Thayer seeks to end Kentucky’s limits on political giving, require more frequent reporting instead

Kentucky Lantern

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FRANKFORT — Senate Republican Floor Leader Damon Thayer is seeking to eliminate state limits on donations to political campaigns and committees while increasing the frequency of campaign finance reports to every two weeks. 

Thayer, of Georgetown, told the Kentucky Lantern after filing Senate Bill 100 that he is “making a few statements on my way out the door.” The floor leader announced before the 2024 session that he will not seek reelection to his seat in November. 

Thayer filed the bill Wednesday, just ahead of the deadline for introducing new legislation in the Senate.

“I don’t think there should be any contribution limits,” Thayer said. “The Citizens United case ruled that money is speech, and while we have contribution limits, we’re limiting speech.” 

In 2010, the U.S. Supreme Court decided in the Citizens United case against the Federal Election Commission that political spending is protected under the First Amendment. Additionally, the ruling found that the government cannot prevent corporations or unions from spending money for or against candidates.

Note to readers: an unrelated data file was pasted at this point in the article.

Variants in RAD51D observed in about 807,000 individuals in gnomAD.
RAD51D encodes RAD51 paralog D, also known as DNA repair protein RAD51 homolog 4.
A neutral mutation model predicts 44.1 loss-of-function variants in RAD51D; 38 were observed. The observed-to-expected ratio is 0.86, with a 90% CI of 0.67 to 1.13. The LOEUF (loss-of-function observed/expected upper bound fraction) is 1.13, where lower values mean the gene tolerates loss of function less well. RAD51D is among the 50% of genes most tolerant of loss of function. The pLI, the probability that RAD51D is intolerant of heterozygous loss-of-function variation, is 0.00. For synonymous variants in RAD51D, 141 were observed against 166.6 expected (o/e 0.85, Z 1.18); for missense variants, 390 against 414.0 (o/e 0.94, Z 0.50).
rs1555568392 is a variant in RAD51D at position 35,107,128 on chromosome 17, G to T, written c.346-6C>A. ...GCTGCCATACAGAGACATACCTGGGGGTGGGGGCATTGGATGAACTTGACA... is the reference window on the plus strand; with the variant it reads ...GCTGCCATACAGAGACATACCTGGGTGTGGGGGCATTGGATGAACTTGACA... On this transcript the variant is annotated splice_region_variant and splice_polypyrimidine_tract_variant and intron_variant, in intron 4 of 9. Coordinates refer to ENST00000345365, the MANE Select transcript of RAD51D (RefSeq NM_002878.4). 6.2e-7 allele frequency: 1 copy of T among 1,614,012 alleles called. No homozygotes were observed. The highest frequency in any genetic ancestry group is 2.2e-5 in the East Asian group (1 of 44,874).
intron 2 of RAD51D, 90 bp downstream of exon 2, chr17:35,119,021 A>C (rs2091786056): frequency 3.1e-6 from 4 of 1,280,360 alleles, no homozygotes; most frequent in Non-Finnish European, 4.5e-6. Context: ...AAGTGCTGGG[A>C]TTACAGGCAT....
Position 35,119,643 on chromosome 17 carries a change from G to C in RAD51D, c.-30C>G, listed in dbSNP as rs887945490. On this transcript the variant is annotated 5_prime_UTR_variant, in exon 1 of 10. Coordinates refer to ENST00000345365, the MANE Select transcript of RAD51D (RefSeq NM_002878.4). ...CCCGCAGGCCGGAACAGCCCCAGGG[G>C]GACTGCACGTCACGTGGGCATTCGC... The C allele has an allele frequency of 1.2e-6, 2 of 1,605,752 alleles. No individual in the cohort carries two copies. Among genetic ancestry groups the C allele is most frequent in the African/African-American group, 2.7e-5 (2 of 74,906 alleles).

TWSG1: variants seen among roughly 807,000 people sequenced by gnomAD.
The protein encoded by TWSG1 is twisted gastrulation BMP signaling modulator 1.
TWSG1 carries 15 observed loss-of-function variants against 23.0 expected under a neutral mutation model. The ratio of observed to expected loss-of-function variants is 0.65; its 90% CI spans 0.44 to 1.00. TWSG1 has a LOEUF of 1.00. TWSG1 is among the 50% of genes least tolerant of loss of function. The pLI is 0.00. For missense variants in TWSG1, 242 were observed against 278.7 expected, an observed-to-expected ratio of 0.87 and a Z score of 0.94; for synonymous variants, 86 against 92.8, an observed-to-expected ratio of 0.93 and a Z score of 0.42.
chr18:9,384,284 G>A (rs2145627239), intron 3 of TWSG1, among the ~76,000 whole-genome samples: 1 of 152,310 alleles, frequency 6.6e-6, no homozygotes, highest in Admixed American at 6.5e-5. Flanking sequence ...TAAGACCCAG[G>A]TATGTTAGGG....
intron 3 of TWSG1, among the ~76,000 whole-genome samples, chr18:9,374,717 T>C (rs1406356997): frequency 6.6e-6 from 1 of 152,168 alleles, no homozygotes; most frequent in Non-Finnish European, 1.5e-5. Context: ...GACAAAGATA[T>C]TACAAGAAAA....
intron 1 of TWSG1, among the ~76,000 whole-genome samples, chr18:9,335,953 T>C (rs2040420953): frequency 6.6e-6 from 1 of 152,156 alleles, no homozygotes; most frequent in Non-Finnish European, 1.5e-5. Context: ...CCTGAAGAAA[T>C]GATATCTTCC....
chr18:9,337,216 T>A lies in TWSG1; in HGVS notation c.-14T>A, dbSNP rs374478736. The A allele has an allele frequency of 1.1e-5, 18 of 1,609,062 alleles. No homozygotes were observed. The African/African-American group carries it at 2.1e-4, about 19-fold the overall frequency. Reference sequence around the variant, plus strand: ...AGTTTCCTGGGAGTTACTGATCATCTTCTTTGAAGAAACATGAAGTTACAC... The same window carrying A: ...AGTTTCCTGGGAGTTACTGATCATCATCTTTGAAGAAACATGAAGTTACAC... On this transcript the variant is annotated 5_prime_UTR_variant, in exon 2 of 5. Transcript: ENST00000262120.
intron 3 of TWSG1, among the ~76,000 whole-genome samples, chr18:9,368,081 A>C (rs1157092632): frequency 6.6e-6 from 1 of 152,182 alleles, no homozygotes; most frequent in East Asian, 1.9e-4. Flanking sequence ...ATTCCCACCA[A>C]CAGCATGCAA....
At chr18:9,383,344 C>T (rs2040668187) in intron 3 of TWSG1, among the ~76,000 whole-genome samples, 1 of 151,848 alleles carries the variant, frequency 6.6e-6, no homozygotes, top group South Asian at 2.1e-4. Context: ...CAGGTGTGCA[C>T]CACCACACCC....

Currently, individuals, contributing organizations and permanent committees may make donations of $2,100 to candidates for state and local offices in Kentucky. Anonymous and cash donations are limited to $100. 

Thayer’s bill lifts the limit on reported contributions. It increases the limit for anonymous and cash donations and those from people under the age of 18 to $200.

Also, beginning in 2025, candidates would be required to report their contributions and expenditures to the Kentucky Registry of Election Finance every two weeks if the General Assembly approves the bill. Candidates now submit quarterly reports. 

The legislation comes on the heels of an expensive gubernatorial election between Democratic Gov. Andy Beshear and former Republican Attorney General Daniel Cameron. The candidates’ campaigns and outside groups spent about $65 million to sway voters. 

Among other bills he filed Wednesday, Thayer introduced legislation, Senate Bill 350, to increase the salaries of state legislators.

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